I've never taken a stage bus for long hauls in Thailand.
This would be a good experience..
One of the main issue on getting around is the language barrier.
You need to know precisely about the timing on the transportation schedule.
So, there we were, in Surat Thani, after a good night's rest and raring to go.
I am glad for the fact that all of us had agreed that it was best to get an accommodation near the bus station so that we don't need to cycle the distance.
By 06:30am, the gang was already out and about.
We packed everything into our panniers and was ready to roll..
|A snapshot at our motel in Surat Thani|
|Sin, ready to roll|
Well, I am just happy with the fact that the group was "tight" in many ways. No issues with making decisions, sharing beers and the good makan. No Rockstars and Primadonnas. Everyone has their role to play.
And this also puts to rest the myth that only large bikes are capable of touring rides.
We did it and we are happy to do it again.
My Dahon Speed P8 has clocked-in more than 8,000km and is still going.
Spare some squeaks and minor annoyance with the mechanical problems, this bike took me to places I can only imagine.
I'm also happy that there were no major issues like injuries and illnesses.
Everybody was fit as a fiddle for the long ride.
|My Dahon Speed P8|
|The only casualty was Roger's broken chain guard|
We have eight hours to kill on the bus.
And fortunately, there's enough space on the cargo hold to stash all four bikes.
If there were more, I think we might have to resort to chartering a mini van to Hat Yai.
The fare to our destination costs b240 one-way.
We had to share our seats with other passengers and since it was a stage bus, the coach will make plenty of stops along the way.
Hat Yai is roughly about 340km away via Highway 4, so, this was an interesting experience for all of us..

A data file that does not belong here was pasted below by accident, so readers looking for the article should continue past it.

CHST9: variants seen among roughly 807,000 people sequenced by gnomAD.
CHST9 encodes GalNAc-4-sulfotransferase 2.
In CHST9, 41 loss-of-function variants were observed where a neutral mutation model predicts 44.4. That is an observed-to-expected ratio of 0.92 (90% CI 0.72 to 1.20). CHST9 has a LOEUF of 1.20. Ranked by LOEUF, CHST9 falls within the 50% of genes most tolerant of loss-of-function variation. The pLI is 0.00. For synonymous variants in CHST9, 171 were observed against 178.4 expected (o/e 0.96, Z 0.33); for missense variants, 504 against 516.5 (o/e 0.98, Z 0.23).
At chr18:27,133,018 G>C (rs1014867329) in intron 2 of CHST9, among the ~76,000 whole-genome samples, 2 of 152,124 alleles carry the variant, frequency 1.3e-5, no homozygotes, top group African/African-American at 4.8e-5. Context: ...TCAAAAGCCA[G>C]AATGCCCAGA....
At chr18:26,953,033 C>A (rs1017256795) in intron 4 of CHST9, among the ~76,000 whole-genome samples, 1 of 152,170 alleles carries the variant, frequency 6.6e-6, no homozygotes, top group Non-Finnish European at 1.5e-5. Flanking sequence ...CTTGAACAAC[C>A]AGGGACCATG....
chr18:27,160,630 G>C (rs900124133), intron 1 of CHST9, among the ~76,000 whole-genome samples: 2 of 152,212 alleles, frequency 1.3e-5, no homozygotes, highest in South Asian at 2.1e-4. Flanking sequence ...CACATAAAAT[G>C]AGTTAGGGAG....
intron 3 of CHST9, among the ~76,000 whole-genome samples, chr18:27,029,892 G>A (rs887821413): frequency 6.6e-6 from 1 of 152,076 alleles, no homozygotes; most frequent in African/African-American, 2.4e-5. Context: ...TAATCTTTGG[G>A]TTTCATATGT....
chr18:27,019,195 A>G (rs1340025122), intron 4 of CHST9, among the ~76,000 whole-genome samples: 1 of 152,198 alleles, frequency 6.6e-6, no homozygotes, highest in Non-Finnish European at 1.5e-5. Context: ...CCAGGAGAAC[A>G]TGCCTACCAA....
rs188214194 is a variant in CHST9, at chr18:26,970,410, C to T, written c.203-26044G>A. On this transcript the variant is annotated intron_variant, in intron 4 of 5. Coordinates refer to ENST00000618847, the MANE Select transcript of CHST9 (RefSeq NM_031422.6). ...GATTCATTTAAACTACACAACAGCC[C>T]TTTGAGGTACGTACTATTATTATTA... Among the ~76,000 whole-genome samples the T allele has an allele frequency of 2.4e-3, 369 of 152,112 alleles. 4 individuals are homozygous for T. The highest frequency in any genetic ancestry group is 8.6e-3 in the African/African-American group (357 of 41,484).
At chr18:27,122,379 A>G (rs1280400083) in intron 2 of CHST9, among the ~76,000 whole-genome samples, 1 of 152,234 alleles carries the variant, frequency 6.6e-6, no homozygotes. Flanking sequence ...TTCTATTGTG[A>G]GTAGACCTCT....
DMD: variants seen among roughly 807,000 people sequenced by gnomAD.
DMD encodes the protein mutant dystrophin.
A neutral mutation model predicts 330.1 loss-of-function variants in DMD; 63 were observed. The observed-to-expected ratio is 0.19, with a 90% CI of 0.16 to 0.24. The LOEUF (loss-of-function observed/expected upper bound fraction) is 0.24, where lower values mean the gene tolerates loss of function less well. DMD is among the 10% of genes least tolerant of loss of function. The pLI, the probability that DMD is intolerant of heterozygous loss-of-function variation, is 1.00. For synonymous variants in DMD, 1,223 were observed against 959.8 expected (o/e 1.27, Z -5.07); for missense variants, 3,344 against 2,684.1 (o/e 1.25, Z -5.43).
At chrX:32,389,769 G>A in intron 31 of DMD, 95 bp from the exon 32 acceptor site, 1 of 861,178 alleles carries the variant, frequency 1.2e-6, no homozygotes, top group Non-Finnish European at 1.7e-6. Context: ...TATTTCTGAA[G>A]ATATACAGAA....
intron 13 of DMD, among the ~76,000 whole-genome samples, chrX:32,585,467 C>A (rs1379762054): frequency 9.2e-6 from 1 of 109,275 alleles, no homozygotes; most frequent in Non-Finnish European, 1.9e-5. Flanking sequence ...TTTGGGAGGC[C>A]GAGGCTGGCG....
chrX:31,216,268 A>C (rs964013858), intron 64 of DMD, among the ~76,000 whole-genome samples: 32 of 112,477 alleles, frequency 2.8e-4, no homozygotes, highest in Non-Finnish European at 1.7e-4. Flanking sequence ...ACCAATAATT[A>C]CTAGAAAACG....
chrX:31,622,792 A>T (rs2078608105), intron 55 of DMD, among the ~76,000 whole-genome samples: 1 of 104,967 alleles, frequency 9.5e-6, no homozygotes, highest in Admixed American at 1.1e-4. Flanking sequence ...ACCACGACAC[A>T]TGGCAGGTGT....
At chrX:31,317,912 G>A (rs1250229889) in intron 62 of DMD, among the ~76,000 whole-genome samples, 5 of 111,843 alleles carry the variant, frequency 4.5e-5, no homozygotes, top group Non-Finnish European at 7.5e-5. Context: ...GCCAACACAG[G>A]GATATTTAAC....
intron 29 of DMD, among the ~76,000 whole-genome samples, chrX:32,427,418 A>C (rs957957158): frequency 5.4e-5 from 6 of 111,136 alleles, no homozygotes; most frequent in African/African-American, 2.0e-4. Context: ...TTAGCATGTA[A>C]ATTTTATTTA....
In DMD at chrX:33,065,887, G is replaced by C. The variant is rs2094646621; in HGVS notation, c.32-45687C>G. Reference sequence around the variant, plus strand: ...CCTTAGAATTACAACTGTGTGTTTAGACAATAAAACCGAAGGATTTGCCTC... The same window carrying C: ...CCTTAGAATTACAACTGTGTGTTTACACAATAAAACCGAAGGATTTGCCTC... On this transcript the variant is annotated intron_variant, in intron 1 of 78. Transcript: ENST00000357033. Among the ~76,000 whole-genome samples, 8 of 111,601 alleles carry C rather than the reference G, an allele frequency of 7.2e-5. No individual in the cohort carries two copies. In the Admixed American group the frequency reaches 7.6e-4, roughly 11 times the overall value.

|The map clearly shows where we are|
|Riding to the bus station|
After two hours of rock and rolling in the bus, we arrived at a bus station outside Patthalung.
The passengers got out and had their lunch and the first thing I did, was to check the cargo hold.
Our bikes are still in the holding area. So, there's really nothing much to worry about.
I went to a hawker and asked for a pack of raw mango. It costs b25 a pop and I munched away while waiting for the bus to resume its journey to Hat Yai.
With about 100km to go, we were relieved that everything had went on smoothly.
The past few days that we were cycling, the weather has been fair.
Up North, there were floodings and really nasty rainfall.
Here in the far South, we were only experiencing the milder part of the storm.
Finally, after eight hours of sitting in the coach, the bus arrived at Hat Yai's bus station.
It was pouring as we scrambled to unload and set up our bikes.
|Our cosy lunch place|
|Morale booster: Fried rice and Tom Yam Thale|
The bus station is located on the East side of the city.
We have to ride about 6km across to the Hat Yai junction train station to secure our tickets home the following day.
We rode in the rain and made our way towards the station and once we got there, the only tickets available was the aisle seats.
I took care of that and suggested to Roger to have a late lunch at the usual makan place nearby.
Our destination was a small eatery opposite Hat Yai's General Post Office.
Having a hot meal uplifted our dampened spirit and the next thing in mind, was to look for a place to stay.
We avoided all the touristy areas in downtown Hat Yai.
I recalled seeing a budget motel in the outskirts, some 3km from the city. But we failed to locate the place as no information was available.
But we did connect with the owner of Sri Suwandee bicycle shop in Klongrian Road.
We met "Thai Teoh" the bike shop owner and shared a conversation with him before moving on to locate a place to stay.
While making the push back to the city, I saw a hotel in a small lane.
It reads: "G2 Hotel" and charges about b850 a night.
I thought out aloud that since this was our last day in Thailand, might as well splurge for some comfort... And so we did!